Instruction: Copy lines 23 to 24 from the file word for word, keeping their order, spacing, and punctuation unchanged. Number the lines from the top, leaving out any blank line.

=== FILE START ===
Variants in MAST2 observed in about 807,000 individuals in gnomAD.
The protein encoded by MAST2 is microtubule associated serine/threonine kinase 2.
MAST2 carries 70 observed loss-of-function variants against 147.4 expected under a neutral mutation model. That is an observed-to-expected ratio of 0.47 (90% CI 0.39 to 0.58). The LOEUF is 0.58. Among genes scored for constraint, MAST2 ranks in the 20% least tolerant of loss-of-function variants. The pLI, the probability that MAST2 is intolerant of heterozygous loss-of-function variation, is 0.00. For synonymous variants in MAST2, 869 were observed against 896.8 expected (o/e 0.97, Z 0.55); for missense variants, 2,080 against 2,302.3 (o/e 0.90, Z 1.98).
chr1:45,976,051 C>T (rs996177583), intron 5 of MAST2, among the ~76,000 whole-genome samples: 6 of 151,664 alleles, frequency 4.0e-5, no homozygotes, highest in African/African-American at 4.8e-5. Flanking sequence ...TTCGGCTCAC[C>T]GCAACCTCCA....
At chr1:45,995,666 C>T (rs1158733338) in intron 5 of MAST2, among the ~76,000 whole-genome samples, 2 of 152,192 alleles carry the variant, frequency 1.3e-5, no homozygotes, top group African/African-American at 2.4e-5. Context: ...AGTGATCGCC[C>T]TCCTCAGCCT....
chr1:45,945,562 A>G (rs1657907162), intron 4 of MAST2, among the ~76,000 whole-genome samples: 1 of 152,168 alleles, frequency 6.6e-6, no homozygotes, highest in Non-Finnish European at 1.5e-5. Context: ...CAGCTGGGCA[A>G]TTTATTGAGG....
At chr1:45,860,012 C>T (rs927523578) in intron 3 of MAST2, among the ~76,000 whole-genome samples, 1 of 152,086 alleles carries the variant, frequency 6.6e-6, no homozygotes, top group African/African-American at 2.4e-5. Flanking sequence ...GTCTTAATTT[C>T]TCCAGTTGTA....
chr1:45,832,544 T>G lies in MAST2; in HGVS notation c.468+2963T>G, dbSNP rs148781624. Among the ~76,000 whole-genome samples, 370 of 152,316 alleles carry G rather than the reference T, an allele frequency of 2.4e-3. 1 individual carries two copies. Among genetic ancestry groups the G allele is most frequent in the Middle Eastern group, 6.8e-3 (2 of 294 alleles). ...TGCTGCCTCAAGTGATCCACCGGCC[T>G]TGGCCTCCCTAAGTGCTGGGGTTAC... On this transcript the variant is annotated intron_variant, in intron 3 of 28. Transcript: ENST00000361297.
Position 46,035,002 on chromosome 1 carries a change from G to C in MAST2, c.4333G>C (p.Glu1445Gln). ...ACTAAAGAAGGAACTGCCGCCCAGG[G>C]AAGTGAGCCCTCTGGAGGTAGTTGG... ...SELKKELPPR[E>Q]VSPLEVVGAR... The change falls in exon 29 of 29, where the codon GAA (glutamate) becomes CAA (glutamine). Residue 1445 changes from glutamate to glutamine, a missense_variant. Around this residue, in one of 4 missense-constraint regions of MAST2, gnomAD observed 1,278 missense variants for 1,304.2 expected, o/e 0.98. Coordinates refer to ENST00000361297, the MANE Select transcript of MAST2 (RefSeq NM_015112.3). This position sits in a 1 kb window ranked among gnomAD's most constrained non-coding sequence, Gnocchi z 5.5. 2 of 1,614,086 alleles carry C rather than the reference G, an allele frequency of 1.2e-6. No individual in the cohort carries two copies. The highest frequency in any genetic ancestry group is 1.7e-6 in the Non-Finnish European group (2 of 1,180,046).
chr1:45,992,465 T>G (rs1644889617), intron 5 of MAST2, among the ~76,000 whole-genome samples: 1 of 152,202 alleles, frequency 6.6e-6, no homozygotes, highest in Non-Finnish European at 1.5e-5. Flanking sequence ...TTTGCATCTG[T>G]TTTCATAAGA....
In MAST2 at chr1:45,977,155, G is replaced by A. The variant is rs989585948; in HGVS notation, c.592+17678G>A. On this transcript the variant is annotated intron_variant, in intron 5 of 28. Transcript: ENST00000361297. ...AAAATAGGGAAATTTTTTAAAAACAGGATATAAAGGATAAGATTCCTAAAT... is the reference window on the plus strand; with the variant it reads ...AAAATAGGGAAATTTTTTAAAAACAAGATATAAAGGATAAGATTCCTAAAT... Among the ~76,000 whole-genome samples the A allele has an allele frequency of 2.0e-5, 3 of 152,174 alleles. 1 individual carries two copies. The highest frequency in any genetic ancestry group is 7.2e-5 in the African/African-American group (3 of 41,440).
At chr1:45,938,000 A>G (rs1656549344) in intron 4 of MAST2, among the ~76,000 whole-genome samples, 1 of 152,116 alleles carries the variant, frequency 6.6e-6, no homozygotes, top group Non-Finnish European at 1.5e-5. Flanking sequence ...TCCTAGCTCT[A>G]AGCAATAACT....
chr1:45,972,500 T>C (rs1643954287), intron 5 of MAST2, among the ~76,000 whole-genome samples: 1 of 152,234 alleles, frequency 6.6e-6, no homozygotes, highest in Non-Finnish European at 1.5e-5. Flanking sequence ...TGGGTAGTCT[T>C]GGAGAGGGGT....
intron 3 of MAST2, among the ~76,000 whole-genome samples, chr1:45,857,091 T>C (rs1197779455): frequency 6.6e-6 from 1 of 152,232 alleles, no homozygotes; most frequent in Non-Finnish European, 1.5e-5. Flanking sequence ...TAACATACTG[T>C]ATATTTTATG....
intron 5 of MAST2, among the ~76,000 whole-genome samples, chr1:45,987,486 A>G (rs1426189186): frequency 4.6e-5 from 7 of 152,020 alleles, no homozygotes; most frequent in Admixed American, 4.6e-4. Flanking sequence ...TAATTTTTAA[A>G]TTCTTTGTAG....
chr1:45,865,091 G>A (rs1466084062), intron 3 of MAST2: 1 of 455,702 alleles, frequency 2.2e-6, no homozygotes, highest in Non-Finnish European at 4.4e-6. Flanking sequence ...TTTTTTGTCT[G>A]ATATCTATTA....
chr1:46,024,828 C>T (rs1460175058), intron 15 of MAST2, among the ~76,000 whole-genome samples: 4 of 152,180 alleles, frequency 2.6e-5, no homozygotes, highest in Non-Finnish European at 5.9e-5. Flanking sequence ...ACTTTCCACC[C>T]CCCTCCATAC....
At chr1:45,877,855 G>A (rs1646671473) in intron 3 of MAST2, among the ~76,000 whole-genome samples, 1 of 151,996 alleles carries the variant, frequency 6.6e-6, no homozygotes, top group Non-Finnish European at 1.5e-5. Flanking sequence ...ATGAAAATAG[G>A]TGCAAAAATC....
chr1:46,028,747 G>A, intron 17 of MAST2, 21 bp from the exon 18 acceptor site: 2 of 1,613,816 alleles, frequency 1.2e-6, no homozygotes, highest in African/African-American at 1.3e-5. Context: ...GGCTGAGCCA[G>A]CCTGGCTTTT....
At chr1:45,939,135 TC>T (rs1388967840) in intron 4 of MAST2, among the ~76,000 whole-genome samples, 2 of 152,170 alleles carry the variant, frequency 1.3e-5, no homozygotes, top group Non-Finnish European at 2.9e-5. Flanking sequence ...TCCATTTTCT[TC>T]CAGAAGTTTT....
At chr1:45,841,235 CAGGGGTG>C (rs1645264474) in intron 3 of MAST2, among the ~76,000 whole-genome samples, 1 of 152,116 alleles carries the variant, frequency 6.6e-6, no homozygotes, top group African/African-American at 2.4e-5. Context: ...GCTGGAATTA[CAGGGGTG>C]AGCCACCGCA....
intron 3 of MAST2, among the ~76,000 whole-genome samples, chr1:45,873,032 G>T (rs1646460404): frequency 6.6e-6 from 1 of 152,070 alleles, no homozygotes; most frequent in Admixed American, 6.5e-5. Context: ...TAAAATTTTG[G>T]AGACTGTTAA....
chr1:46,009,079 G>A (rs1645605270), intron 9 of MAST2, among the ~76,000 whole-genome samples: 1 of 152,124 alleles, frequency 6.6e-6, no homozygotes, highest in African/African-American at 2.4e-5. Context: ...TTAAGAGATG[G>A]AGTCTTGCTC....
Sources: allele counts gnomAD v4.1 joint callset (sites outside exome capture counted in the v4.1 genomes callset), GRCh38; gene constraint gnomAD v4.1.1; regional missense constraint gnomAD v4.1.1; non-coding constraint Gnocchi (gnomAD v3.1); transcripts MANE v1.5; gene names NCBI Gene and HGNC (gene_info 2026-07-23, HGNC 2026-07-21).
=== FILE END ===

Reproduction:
chr1:46,009,079 G>A (rs1645605270), intron 9 of MAST2, among the ~76,000 whole-genome samples: 1 of 152,124 alleles, frequency 6.6e-6, no homozygotes, highest in African/African-American at 2.4e-5. Context: ...TTAAGAGATG[G>A]AGTCTTGCTC....
Sources: allele counts gnomAD v4.1 joint callset (sites outside exome capture counted in the v4.1 genomes callset), GRCh38; gene constraint gnomAD v4.1.1; regional missense constraint gnomAD v4.1.1; non-coding constraint Gnocchi (gnomAD v3.1); transcripts MANE v1.5; gene names NCBI Gene and HGNC (gene_info 2026-07-23, HGNC 2026-07-21).